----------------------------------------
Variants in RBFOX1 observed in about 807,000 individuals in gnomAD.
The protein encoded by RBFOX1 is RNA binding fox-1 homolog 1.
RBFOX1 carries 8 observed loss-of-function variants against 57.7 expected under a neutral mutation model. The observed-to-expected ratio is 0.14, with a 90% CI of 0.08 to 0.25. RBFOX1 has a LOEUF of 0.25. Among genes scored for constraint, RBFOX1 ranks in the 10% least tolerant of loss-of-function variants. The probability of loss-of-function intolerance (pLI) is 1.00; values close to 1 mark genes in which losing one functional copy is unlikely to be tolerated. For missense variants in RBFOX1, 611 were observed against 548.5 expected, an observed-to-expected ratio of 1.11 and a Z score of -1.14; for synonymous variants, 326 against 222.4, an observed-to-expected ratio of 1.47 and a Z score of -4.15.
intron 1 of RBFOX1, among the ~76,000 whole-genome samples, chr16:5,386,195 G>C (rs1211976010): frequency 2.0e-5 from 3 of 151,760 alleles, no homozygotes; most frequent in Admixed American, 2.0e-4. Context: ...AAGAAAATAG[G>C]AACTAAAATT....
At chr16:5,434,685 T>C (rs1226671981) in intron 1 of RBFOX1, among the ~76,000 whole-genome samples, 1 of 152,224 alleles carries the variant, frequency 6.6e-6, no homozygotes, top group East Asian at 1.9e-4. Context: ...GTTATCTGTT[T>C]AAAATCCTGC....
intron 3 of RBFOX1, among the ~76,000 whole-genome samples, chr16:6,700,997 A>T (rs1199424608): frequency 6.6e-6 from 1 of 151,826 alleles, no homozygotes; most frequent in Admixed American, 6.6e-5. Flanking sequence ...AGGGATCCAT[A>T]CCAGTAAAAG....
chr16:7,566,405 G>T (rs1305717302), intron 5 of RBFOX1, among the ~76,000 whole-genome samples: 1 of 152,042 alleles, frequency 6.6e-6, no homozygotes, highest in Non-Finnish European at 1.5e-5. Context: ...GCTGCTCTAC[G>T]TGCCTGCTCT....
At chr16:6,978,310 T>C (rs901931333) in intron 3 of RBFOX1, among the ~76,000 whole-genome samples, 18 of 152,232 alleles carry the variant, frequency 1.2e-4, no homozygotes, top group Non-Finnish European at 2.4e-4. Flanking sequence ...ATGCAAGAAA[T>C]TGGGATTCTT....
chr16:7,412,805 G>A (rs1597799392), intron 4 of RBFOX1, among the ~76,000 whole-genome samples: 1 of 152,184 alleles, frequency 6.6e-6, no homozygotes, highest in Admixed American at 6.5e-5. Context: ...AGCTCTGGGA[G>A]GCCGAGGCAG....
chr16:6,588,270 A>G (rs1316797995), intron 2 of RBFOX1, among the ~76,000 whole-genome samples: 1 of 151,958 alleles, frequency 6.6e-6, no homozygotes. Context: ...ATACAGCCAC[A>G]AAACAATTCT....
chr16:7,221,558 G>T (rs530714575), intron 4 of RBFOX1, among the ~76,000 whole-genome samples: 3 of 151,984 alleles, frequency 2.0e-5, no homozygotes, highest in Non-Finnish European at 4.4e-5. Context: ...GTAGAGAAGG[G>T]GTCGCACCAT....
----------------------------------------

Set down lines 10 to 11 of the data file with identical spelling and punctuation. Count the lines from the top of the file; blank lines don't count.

chr16:6,588,270 A>G (rs1316797995), intron 2 of RBFOX1, among the ~76,000 whole-genome samples: 1 of 151,958 alleles, frequency 6.6e-6, no homozygotes. Context: ...ATACAGCCAC[A>G]AAACAATTCT....
chr16:7,221,558 G>T (rs530714575), intron 4 of RBFOX1, among the ~76,000 whole-genome samples: 3 of 151,984 alleles, frequency 2.0e-5, no homozygotes, highest in Non-Finnish European at 4.4e-5. Context: ...GTAGAGAAGG[G>T]GTCGCACCAT....